9781471146640Both laugh-out-loud funny and weep-into-your-hanky heartbreaking, Lily and the Octopus introduces a spectacular new voice and leaves its mark on the landscape of great fiction. For anyone who has ever loved and lost a pet, anyone who has struggled to find meaning in the face of death and feared its residual solitude, Steven Rowley’s debut is unmissable and provides a potent catharsis.

Ted is a struggling writer whose life is in somewhat of a downward spiral. It’s not careening, it’s still salvageable, but it’s on a definite decline. His dachshund, Lily, is his only salvation; the one constant in his life, who stood by him during his breakup, through good times and bad. Their bond will not be unique for dog owners; I’m guilty of occasionally conversing with my Golden Retriever as though he understands and can answer back. He can’t do the former – not with words, anyway; but sometimes I’m positive Eddy knows precisely what I’m saying…

Things take a turn for the worse when Ted discovers an “octopus” – a tumour – on Lily’s head, and realises his greatest friendship, the companionship he’s held dear for so many years, is nearing its end. The manifestation of Ted’s reaction – which fall across the emotional spectrum – form the basis of Rowley’s novel. We all struggle with mortality – our own, our loved ones – but for the emotionally-challenged Ted, it’s potentially more than he can cope with.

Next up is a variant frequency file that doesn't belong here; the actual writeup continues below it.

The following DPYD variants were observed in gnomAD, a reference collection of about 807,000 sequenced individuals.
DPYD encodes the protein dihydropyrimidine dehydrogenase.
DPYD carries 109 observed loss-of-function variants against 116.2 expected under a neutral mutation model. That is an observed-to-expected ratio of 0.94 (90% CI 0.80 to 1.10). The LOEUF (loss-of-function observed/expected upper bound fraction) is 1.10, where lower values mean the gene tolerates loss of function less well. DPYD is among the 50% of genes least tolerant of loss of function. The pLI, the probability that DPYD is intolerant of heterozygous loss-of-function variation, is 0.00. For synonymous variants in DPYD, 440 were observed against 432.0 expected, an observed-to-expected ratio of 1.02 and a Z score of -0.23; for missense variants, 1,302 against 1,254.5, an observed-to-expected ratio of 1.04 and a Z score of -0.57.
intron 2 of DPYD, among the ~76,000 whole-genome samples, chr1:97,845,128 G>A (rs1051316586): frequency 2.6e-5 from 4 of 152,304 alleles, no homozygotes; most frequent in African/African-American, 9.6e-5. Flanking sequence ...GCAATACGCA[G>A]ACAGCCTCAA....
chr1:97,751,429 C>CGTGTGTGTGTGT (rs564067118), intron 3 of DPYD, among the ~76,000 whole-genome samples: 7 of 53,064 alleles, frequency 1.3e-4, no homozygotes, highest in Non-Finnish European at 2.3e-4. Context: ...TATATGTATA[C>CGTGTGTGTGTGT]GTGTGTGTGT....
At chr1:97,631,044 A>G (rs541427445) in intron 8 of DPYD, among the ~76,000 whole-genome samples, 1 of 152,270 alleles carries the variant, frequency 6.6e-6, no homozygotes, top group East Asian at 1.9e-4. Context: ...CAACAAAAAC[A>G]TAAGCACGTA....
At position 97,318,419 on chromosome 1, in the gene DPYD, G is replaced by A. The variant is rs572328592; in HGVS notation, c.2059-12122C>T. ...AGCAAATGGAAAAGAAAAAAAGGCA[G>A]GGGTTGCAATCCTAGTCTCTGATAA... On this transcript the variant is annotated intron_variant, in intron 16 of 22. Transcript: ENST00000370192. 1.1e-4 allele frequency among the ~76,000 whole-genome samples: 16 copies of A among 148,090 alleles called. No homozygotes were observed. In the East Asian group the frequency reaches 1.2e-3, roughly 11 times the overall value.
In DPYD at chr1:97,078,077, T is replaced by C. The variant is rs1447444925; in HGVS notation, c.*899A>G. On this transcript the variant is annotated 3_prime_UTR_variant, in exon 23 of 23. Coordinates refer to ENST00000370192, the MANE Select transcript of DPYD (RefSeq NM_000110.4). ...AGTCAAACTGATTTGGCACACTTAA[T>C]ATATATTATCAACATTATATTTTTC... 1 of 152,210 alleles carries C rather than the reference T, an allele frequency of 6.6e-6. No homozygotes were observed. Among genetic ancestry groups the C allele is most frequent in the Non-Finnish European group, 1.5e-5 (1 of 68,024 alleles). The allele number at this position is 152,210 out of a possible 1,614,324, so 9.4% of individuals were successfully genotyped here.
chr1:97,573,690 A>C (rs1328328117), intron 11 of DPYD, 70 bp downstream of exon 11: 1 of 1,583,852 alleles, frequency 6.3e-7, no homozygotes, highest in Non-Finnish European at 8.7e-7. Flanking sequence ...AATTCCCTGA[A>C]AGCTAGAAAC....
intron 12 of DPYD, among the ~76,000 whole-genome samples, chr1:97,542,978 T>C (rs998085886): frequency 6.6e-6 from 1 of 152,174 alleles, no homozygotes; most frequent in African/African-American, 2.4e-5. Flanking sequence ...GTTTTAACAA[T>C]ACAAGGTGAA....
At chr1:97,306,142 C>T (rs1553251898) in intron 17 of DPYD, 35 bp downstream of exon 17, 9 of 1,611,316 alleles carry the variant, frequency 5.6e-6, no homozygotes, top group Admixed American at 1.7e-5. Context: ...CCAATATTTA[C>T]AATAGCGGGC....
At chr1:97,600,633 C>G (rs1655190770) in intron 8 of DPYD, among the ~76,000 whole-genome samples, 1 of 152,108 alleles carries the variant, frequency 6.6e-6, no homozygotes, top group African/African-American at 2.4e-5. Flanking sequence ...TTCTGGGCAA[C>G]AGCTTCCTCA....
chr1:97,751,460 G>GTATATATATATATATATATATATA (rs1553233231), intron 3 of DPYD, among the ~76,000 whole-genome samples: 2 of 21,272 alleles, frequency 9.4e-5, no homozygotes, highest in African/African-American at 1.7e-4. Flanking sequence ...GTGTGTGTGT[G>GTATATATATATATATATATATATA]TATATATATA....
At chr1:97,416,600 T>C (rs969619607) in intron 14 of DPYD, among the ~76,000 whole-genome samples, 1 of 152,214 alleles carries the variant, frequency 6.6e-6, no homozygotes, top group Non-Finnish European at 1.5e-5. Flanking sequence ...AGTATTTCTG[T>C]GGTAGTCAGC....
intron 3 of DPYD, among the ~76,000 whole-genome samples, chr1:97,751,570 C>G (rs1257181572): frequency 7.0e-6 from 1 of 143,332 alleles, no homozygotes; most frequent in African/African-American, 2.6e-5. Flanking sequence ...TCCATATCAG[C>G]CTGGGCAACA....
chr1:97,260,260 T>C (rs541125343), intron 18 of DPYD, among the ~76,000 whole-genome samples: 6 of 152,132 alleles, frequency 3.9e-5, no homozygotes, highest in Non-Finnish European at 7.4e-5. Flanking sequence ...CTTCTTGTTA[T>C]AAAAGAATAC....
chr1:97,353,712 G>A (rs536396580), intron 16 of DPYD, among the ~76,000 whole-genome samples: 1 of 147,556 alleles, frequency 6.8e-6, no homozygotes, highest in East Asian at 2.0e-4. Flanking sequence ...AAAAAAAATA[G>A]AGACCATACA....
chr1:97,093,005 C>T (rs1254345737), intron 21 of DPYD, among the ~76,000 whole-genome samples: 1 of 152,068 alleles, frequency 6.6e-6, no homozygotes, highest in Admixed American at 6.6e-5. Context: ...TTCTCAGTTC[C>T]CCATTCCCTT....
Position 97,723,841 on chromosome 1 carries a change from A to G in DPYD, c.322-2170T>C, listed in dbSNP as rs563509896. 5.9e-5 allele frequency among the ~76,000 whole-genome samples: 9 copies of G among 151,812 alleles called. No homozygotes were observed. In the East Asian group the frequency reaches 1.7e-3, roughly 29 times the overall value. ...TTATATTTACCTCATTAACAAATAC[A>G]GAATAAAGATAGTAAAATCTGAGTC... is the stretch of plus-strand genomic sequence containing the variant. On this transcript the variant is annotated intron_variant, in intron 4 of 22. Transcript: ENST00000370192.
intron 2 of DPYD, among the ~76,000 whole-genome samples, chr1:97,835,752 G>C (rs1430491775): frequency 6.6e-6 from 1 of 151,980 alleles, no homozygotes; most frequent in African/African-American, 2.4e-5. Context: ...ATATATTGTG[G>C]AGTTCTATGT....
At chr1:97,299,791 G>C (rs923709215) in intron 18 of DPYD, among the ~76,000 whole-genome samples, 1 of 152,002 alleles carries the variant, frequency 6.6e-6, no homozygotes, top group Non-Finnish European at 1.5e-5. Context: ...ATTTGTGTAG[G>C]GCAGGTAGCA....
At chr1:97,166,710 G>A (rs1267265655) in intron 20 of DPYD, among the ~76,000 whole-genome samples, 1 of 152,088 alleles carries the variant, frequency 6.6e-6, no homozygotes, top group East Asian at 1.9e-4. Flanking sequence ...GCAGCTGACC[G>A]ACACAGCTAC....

Much of Lily and the Octopus is biographical – Rowley admits as much in his note in the endnote of the novel – and he utilises this raw, true emotion to pummel the reader with emotional gut-punches that will leave you heartbroken.  But it’s more than a replay of real-life events; Rowley’s novel is packed with inspired digressions and forces readers to question the relatively of truth. It finds a perfect harmony between truth and fiction.

Lily and the Octopus has earned comparisons to The Life of Pi and The Art of Racing in the Rain — and deservedly so. So poignant and true, it’s a novel that will break your heart — and you’ll know it’s doing so from its opening pages —but despite it, you won’t be able to put it down, or want it to end. It is, quite, simply magical. Certainly one of the finest novels of 2016.

Order Lily and the Octopus here!

Review: Every Exquisite Thing by Matthew Quick

Every Exquisite ThingEvery Exquisite Thing is a powerful and heartfelt novel about adolescence, and the perpetual journey of self-discovery. Nanette O’Hare is a teenager who been pigeon-holed into her role as dutiful daughter, industrious student, and soccer star. She has immersed herself into the life that has been moulder for her, rather than allowed the freedom to find her own path. She’s simply caught in a slipstream; going with the flow.